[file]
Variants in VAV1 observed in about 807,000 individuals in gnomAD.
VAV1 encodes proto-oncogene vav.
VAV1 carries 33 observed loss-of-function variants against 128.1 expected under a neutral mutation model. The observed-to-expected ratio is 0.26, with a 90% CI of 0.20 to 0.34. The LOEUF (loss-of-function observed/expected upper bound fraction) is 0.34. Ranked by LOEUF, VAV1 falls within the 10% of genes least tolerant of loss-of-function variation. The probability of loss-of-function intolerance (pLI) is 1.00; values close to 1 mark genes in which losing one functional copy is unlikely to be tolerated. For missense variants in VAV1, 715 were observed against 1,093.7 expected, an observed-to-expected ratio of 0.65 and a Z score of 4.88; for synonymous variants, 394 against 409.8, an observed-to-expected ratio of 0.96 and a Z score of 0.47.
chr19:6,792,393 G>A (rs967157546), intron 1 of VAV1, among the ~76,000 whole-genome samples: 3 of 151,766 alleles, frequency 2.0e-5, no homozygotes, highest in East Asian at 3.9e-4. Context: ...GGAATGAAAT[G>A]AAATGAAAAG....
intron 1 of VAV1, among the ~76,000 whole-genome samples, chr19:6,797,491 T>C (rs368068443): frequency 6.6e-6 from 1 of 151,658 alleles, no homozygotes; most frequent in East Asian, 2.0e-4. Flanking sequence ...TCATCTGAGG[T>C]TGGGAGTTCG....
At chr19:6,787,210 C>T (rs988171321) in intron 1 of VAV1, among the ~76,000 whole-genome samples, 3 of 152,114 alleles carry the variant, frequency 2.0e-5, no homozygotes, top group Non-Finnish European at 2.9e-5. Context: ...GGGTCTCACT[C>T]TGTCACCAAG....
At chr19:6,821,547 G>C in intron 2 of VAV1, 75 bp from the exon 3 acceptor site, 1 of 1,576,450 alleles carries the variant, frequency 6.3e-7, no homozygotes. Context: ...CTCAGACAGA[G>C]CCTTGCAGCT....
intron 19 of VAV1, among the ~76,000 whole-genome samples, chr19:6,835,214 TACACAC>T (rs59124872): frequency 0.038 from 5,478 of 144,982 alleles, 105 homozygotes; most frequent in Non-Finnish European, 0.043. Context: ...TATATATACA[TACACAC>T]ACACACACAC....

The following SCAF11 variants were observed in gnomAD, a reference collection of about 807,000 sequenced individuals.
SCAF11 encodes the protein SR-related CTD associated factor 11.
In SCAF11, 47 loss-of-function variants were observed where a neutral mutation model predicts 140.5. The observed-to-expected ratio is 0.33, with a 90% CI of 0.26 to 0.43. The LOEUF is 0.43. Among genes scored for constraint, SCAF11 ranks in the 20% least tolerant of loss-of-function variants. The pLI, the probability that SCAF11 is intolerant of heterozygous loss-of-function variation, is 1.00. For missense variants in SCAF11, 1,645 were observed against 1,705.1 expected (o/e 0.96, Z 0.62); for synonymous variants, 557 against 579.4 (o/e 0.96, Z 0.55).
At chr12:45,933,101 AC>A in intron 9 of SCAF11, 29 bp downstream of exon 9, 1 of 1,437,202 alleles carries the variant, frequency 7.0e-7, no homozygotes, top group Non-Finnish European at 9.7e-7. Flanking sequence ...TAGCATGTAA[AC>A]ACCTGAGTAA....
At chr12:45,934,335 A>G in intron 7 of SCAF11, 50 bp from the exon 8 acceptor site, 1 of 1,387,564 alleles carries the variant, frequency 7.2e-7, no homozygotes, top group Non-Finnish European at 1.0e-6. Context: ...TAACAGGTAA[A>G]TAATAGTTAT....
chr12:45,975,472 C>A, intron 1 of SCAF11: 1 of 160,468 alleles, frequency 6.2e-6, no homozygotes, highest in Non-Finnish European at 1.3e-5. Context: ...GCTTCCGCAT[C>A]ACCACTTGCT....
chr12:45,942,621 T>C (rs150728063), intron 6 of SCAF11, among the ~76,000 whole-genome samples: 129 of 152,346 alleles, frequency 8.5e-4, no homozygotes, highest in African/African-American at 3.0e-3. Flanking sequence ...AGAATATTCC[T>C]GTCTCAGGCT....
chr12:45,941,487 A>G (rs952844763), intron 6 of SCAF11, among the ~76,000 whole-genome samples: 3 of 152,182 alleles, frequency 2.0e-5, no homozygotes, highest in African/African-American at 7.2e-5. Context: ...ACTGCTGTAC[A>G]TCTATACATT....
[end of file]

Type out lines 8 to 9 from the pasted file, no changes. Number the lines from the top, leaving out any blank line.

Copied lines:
intron 19 of VAV1, among the ~76,000 whole-genome samples, chr19:6,835,214 TACACAC>T (rs59124872): frequency 0.038 from 5,478 of 144,982 alleles, 105 homozygotes; most frequent in Non-Finnish European, 0.043. Context: ...TATATATACA[TACACAC>T]ACACACACAC....

The following SCAF11 variants were observed in gnomAD, a reference collection of about 807,000 sequenced individuals.